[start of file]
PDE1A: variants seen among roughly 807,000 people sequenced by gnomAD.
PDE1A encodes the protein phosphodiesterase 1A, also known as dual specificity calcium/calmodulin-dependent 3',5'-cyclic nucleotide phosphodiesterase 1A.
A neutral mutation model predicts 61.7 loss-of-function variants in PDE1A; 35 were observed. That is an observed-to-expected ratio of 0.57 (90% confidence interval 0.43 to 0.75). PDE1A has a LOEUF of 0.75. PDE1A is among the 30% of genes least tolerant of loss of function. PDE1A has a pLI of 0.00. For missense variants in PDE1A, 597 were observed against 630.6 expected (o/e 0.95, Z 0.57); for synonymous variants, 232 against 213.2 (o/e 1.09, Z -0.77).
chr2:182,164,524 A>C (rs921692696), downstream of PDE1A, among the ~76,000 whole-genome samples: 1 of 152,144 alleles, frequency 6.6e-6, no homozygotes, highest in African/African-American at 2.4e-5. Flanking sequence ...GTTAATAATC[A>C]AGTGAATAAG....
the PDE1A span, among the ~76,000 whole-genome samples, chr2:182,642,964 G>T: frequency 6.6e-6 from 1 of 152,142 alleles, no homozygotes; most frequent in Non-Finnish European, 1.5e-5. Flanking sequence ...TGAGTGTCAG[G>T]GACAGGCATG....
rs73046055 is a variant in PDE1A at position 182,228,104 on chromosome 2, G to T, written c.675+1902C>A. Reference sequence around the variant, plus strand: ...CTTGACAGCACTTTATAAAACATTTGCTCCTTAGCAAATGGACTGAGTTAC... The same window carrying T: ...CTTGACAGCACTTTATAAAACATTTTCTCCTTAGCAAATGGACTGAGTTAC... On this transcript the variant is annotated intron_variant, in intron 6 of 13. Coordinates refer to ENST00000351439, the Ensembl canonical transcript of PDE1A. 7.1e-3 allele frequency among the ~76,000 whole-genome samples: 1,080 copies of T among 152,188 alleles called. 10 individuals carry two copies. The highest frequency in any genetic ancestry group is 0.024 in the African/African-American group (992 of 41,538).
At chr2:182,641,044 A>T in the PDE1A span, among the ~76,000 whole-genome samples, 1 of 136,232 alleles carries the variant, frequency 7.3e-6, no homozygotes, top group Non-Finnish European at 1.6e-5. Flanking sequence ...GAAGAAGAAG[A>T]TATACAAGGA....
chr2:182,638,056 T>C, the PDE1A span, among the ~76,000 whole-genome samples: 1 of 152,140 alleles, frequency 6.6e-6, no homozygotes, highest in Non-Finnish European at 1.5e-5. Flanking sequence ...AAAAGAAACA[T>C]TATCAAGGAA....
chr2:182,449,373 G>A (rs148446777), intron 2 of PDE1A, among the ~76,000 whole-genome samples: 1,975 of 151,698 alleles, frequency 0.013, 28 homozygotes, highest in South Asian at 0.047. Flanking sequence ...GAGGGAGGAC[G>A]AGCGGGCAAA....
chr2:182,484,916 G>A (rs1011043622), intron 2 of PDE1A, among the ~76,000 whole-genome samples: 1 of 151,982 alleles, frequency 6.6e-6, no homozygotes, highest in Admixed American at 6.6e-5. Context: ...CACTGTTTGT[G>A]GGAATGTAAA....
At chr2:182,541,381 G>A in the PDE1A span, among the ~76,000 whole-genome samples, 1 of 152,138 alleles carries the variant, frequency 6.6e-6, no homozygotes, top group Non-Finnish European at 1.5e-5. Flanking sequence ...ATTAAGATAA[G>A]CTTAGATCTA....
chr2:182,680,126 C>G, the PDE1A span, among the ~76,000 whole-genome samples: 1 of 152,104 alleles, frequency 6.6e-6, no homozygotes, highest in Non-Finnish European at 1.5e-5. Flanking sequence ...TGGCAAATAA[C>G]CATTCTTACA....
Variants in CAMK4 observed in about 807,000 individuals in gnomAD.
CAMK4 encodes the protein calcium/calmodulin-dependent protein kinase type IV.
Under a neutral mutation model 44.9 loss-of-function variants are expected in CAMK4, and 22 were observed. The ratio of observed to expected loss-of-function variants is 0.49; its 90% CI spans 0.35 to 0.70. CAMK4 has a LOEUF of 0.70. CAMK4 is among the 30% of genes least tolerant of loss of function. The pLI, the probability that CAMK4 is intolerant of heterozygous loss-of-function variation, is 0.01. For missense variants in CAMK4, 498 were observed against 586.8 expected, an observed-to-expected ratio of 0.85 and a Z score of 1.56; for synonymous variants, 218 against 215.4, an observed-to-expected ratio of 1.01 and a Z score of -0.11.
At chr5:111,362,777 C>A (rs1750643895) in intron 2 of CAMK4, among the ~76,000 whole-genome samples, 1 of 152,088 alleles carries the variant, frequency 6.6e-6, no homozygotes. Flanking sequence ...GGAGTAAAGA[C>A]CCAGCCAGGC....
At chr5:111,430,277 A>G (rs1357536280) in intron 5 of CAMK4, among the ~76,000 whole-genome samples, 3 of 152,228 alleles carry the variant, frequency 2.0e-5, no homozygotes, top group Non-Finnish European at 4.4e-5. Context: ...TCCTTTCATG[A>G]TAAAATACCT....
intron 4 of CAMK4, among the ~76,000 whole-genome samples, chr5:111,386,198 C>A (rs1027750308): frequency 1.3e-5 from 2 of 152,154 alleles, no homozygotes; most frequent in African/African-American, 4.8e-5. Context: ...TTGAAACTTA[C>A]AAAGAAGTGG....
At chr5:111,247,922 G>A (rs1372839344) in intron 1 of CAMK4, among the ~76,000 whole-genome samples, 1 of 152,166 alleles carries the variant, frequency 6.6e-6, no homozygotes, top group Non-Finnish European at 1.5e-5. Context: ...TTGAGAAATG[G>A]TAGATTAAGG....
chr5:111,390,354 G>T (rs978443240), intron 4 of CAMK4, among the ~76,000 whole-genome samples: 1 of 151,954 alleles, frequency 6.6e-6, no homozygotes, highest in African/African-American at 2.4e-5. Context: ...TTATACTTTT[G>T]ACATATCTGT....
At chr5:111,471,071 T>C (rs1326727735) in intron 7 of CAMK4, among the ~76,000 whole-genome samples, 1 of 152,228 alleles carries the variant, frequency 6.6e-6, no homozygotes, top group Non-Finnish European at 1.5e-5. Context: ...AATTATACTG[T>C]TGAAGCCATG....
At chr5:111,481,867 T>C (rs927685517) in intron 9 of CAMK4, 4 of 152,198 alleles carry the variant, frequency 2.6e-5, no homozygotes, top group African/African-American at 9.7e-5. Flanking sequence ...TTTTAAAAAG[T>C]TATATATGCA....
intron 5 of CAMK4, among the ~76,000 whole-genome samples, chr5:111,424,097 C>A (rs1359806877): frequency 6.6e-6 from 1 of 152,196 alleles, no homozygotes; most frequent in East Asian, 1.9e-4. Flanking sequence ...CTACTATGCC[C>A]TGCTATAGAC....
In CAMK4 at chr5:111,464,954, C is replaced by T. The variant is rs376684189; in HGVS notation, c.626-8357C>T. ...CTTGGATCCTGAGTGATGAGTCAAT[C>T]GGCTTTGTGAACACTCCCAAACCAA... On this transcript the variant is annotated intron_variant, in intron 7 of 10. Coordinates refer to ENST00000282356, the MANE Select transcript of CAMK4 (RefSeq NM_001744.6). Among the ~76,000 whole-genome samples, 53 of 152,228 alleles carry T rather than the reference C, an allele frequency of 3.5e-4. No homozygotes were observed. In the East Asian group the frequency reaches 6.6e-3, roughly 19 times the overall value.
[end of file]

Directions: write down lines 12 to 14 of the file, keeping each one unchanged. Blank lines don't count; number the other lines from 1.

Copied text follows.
chr2:182,680,126 C>G, the PDE1A span, among the ~76,000 whole-genome samples: 1 of 152,104 alleles, frequency 6.6e-6, no homozygotes, highest in Non-Finnish European at 1.5e-5. Flanking sequence ...TGGCAAATAA[C>G]CATTCTTACA....
Variants in CAMK4 observed in about 807,000 individuals in gnomAD.
CAMK4 encodes the protein calcium/calmodulin-dependent protein kinase type IV.